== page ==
Transportation atop Wards list during session

Published 12:00 am Tuesday, January 17, 2006

Transportation is once again at the top of the list for one Shelby County representative.

District 49 Rep. Cam Ward said he plans to again introduce a bill that would create a nine-member Transportation Commission to head the Alabama Department of Transportation.

Currently, the DOT is led by one governor-appointed individual.

Under Ward&8217;s proposal, members of the commission would also be appointed by the governor; however, they would serve staggered six-year terms.

They would prioritize road projects throughout the state based solely on need, according to Ward, not politics as has been the case in the past.

He said the proposal calls for commission members to have professional knowledge and an engineering background that would enable them to be of help in creating a comprehensive state transportative plan.

The commission would appoint a DOT director, Ward said, &8220;preventing

the governor&8217;s office or the legislature from dictating the future of transportation needs in our state.&8221;

Ward said this transportation commission bill will be one of the first to be discussed in the House.

&8220;I feel like we&8217;ll do well in the House,&8221; he said.

Sen. Bobby Denton will introduce the bill in the Senate.


When the Legislative session began on Jan. 10, Ward said, senators and representatives jumped into prison reform.

&8220;It&8217;s not the most exciting thing,&8221; he said, &8220;but it&8217;s probably the most important statewide.&8221;

He introduced two of the prison reform bills in the House.

&8220;Year after year, out dysfunctional corrections system has continued to deteriorate to the point that if something is not done now we will face a problem that could easily financially bankrupt Alabama for years to come,&8221; Ward wrote recently.

One of the reform bills Ward has introduced would require that transition centers be set up. These centers would be used by just-released inmates who are attempting to ease back into life outside of prison successfully.

Ward said the transition centers would help former inmates find jobs and offer drug rehabilitation if needed. While there, however, up to 45 percent of their salary would be used to pay for their living expenses, rehab costs and any restitution and court costs they might owe.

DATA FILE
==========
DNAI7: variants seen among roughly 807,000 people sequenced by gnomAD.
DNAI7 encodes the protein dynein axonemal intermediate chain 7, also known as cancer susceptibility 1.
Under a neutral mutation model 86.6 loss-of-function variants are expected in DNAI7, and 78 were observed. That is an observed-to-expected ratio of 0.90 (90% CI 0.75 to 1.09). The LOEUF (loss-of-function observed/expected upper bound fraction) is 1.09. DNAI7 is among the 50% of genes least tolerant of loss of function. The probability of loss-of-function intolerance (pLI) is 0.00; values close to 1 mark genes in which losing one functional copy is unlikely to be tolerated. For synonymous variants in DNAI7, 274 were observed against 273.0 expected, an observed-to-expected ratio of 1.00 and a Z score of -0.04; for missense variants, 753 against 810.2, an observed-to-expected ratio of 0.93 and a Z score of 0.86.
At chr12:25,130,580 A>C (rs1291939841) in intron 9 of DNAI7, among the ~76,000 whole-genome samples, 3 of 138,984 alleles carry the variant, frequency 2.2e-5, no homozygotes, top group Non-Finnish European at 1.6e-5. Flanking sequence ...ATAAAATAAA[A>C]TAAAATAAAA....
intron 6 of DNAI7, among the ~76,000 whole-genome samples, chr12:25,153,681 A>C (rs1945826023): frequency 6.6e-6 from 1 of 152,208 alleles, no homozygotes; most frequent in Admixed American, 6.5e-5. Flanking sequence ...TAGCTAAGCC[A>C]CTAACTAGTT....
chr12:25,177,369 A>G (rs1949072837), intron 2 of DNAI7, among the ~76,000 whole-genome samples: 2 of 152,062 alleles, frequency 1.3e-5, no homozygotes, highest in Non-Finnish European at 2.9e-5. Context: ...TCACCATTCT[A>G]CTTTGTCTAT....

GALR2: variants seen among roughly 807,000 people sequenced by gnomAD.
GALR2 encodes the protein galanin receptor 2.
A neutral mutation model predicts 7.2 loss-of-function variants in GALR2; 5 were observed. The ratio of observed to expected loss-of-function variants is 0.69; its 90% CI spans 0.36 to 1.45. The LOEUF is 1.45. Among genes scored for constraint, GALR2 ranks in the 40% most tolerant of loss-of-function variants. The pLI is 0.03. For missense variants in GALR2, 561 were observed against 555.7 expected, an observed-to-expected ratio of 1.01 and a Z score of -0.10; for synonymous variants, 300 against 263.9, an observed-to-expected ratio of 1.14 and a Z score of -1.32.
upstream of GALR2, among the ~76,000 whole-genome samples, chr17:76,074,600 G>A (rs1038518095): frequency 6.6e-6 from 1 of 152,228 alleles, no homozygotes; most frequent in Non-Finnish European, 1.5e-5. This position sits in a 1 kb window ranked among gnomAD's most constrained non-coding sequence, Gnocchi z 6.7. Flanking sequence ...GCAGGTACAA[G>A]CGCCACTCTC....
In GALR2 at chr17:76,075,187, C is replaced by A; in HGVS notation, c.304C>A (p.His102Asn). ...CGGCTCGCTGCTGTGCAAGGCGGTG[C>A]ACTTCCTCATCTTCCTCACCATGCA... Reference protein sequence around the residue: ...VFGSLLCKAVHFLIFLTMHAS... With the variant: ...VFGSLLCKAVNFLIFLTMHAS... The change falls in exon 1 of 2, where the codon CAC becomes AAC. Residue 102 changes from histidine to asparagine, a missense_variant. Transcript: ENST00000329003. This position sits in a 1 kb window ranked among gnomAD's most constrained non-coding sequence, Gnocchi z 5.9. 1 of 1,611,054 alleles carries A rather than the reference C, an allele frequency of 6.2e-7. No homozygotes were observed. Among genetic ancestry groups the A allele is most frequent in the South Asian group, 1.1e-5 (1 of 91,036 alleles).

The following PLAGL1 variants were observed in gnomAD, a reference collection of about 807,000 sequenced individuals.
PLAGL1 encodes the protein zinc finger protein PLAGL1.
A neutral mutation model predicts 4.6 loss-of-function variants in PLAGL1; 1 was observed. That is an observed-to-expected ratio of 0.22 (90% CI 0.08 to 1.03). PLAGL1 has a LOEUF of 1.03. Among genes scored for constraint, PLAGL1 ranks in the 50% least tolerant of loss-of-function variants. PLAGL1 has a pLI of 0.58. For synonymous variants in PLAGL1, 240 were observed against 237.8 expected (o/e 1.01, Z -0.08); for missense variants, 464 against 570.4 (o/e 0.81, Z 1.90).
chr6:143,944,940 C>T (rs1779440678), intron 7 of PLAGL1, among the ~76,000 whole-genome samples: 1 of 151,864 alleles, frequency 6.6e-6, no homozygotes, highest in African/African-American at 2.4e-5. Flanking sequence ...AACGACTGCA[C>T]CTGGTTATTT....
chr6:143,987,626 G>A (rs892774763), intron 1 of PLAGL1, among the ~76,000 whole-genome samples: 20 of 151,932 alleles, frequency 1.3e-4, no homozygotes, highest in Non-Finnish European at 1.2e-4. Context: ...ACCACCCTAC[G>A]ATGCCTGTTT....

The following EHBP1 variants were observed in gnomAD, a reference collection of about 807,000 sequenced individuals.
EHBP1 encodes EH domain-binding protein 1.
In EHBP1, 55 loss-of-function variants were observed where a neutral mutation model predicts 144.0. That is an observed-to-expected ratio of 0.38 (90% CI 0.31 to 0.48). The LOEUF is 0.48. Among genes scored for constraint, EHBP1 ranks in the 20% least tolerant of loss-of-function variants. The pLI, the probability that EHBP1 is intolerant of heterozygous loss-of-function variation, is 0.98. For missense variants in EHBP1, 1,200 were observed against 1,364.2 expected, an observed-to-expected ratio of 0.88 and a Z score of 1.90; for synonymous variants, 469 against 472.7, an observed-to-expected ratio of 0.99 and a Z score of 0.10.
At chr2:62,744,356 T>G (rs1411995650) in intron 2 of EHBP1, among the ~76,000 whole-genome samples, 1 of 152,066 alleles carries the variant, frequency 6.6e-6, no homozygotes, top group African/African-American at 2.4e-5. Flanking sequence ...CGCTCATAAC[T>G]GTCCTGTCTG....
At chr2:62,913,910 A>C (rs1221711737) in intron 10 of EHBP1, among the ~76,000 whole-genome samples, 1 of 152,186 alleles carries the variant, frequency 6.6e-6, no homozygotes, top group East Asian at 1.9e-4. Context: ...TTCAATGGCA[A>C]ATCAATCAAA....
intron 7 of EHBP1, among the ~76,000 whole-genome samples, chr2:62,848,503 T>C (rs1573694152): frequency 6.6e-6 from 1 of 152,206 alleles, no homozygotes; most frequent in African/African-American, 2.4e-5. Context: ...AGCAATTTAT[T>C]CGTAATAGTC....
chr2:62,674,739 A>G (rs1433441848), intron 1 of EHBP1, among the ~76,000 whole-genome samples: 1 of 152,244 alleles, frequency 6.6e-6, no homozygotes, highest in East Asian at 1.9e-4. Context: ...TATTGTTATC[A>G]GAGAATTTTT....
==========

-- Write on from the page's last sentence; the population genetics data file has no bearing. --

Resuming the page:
&8220;Right now, the state&8217;s just eating those costs,&8221; Ward said.

He said there is opposition on both sides of the issue – the far left, for instance, the black caucus believes these former inmates should not have to pay for their rehabilitation. Many on the far right, on the other hand, do not believe the state should offer drug rehabilitation to begin with, Ward said.

The second prison reform bill he has sponsored would allow for pre-sentence electronic forms to be required in all cases.

&8220;In the past, since they were paper forms and they were not required, there has been a four to five week delay in sentencing,&8221; he said. &8220;This will make forms much easier to access for our judges.&8221;

Ward said he expects the House to clear these prison reform bills by the end of the week.


Ward said the most important local bill will deal with school zones.

This bill will allow each zone to have a referendum to call for up to 10 mills which will be used for construction of a new school in that zone.

&8220;Helena and Calera have expressed interest in this,&8221; Ward said.

Since several local bills died in the Shelby County Legislative Senate Delegation Committee last year, however, Ward said he and other representatives who passed those local bills would wait for the Senate to introduce and pass the local bills.

Sen. Hank Erwin has said he planned to introduce the bill that would allow for the referendums on property tax increases in individual communities.

&8220;It&8217;s hard to argue with the notion that our residents should not be allowed to vote for themselves,&8221; Ward said.

Other bills of interest:

-Ward will introduce Dangerous Dog legislation.

&8220;In my opinion the right to have a pet stops when the safety of my family is at stake,&8221; he said.

This bill would impose hefty financial penalties on dog owners who do not take precautions with dangerous animals.

&8220;At one time, you could let your dogs run free. But the suburbs out here are growing so fast, that&8217;s no longer possible,&8221; he said. &8220;We must do something to protect our families.&8221;

-Ward does not foresee problems with this year&8217;s budgets.

&8220;The general fund is the best it&8217;s been in my time (in Montgomery),&8221; he said. &8220;There will be a small raise for employees and more for basic services. It should go smoothly this year. It&8217;s like that when there&8217;s excess.&8221;

-Ward said he also supports the governor&8217;s proposal to divide some of the excess among school systems statewide based on population.

&8220;This is an excellent idea,&8221; he said. &8220;There is nothing they need more than to use on school construction. And basing it on population is a good system.

&8220;It&8217;s one-time money, so this is a good way to use it,&8221; he said